“Heya Glenn. Nah, I don’t need to talk him if’n he’s busy.” I nodded to the coverless plane that sat naked between multiple tool chests. “Working on the 182? Hundred Hour?”

“Ya, your uncle wants this one back out by Tuesday at the latest, but there’s some issues with the mags, so it’s a toss-up till the parts come in. If you want to take something out for a spin, you pretty much got the 172 or the Piper. Everything else is on a job or scheduled for one right now.”

“That’s fine, I like Papa Ten.” I nodded towards the small above wing Cessna sitting near the taxi line. “Mind if I?”

“Nah, go ahead. I filled her up this morning, so you should be good for a few hours.”

“Thanks man.” I gave Glen a last nod, before parking the truck off to the side of the hanger and walking over to what was probably my favorite plane on the field.

With its weathered paint job and slightly warped panels, the old Cessna 172 had endured many a year, and with Uncle Tib in charge, would likely endure many more. I began the rundown and pre-flight checklist, enjoying the combination of cool breeze and golden sun rays as they warmed my back. Finishing up quickly, I glanced in the cargo space to confirm the Go Bag (a small compact tool and emergency kit) was onboard.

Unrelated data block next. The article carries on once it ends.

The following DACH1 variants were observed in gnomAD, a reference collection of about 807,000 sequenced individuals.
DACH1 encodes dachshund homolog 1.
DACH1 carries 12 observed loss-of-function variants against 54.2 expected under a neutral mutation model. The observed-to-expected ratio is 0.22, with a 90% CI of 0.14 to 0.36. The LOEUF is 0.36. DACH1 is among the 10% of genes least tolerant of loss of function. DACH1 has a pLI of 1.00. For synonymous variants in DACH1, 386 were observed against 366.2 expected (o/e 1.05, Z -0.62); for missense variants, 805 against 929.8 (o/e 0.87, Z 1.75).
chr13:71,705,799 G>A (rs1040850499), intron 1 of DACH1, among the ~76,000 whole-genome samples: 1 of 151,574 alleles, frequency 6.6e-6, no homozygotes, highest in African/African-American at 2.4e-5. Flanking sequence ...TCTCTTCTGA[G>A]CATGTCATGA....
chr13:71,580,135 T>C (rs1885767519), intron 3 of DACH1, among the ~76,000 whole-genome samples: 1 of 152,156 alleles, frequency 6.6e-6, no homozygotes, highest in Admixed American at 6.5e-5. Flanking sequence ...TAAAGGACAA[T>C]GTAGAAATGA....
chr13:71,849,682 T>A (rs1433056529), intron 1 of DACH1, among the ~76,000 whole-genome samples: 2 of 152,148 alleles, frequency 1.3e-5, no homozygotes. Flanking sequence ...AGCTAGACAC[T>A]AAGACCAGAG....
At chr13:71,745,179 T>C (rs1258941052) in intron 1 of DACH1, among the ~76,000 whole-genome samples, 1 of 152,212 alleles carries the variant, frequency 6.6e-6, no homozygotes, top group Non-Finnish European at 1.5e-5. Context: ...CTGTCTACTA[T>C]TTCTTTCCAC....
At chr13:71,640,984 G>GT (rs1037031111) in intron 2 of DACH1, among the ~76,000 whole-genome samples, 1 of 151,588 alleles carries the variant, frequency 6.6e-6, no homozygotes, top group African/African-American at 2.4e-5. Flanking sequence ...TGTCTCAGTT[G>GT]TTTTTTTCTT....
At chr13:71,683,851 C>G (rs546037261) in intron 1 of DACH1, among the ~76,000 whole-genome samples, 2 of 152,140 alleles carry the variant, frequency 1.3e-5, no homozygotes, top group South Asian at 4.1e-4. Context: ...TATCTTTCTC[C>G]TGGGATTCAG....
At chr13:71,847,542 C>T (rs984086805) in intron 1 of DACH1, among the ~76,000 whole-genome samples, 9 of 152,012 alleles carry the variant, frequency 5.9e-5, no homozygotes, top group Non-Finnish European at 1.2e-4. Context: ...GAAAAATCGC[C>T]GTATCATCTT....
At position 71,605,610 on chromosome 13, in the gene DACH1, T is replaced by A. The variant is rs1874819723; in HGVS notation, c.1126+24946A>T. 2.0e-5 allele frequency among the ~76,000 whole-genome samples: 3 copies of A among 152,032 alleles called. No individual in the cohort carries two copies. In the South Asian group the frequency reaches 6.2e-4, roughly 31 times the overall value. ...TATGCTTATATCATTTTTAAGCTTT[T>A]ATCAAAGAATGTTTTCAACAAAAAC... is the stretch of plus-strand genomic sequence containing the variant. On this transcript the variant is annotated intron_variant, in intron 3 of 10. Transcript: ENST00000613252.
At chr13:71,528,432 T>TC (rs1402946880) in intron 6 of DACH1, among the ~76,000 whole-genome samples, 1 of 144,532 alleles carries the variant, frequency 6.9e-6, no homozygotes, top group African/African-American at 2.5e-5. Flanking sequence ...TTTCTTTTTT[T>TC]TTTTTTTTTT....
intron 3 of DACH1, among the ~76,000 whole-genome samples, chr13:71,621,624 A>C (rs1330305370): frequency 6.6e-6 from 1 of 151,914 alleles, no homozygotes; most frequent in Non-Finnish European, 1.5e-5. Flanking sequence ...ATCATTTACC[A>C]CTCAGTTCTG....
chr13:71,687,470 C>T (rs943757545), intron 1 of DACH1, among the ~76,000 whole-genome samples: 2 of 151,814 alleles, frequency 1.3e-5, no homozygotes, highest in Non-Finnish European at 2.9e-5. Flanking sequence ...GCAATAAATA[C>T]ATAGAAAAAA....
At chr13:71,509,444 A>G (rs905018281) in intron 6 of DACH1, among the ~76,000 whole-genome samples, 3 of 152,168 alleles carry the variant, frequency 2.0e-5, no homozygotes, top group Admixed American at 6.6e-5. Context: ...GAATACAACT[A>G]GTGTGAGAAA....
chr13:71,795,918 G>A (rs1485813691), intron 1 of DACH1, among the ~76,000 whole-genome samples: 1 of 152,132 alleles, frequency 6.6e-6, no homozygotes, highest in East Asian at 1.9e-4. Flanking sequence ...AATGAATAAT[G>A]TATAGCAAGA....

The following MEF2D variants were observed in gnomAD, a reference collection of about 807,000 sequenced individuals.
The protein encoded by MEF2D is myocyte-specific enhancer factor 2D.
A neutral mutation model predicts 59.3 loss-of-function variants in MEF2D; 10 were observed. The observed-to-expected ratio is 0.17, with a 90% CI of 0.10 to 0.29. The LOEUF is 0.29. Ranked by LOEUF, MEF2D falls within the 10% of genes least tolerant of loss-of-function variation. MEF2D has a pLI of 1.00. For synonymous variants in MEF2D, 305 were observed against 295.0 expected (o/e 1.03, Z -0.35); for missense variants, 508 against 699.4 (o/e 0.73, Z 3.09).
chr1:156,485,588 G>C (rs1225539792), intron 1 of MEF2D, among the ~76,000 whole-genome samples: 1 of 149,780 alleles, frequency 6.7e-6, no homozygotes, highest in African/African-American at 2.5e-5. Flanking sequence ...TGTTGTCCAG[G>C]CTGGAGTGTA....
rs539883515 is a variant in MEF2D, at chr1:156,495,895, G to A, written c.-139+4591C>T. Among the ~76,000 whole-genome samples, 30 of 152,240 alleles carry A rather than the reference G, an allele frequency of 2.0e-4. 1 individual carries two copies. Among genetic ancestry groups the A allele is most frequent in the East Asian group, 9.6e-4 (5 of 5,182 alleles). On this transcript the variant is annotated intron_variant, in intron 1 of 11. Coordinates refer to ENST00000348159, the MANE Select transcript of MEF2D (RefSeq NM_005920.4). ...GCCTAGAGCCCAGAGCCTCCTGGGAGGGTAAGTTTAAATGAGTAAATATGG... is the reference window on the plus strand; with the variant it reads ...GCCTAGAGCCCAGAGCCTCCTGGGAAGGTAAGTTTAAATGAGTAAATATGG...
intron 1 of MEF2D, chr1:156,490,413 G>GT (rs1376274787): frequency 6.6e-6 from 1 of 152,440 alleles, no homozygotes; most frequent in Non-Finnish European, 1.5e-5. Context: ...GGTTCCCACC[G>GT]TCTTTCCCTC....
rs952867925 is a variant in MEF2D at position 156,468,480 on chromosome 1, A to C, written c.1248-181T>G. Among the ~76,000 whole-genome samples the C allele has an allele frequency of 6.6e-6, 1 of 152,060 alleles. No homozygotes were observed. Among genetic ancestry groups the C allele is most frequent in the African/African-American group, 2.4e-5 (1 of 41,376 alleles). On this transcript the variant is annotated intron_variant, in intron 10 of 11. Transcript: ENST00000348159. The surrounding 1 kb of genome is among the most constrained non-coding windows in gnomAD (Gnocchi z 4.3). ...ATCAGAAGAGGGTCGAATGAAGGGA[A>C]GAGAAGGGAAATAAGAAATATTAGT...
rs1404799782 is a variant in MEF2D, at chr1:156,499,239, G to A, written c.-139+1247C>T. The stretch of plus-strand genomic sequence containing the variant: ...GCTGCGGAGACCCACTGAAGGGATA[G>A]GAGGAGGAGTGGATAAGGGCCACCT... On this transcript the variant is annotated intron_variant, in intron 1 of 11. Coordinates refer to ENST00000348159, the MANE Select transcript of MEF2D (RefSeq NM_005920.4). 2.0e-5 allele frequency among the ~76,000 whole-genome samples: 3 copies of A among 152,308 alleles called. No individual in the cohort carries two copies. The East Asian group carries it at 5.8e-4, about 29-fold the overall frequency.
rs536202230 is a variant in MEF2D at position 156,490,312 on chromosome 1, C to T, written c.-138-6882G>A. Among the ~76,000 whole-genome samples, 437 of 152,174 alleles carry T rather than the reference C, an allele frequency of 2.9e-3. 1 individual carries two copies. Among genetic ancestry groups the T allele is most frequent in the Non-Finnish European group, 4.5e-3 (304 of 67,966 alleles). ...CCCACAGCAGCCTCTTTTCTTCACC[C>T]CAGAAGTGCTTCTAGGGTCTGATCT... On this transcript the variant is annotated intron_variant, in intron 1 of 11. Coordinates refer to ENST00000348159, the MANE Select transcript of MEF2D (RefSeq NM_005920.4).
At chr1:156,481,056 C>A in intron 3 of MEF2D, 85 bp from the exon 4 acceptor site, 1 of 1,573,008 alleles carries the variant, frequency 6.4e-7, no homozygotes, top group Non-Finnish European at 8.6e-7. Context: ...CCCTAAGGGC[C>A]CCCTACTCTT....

Finally, I settled in the Pilot’s seat and began warming up the engines. It was flying time!

There was a little sputtering as the engine turned over, but a few turns and pulls on the gas knob caused it to flatten out. After carefully winding my way over the taxiway and onto the runway proper, I radioed in with the nearest local tower. Receiving the all clear, I finished my check. Less than two minutes later and I was taking off, enjoying that sudden feeling of weightlessness that falls in your gut when you leave the planet’s surface.

The sky was beautiful this time of day, a grand mist hung over the world, and the Midwest of America seemed to exult in it. Small puffy clouds dotted the deep blue surrounding me, and I breathed in the quiet and serene landscape.

Time passes quickly when you’re in the air, and that day was no exception. As I settled into the familiar routine of a standard sortie, the minutes just flew by. Pun intended.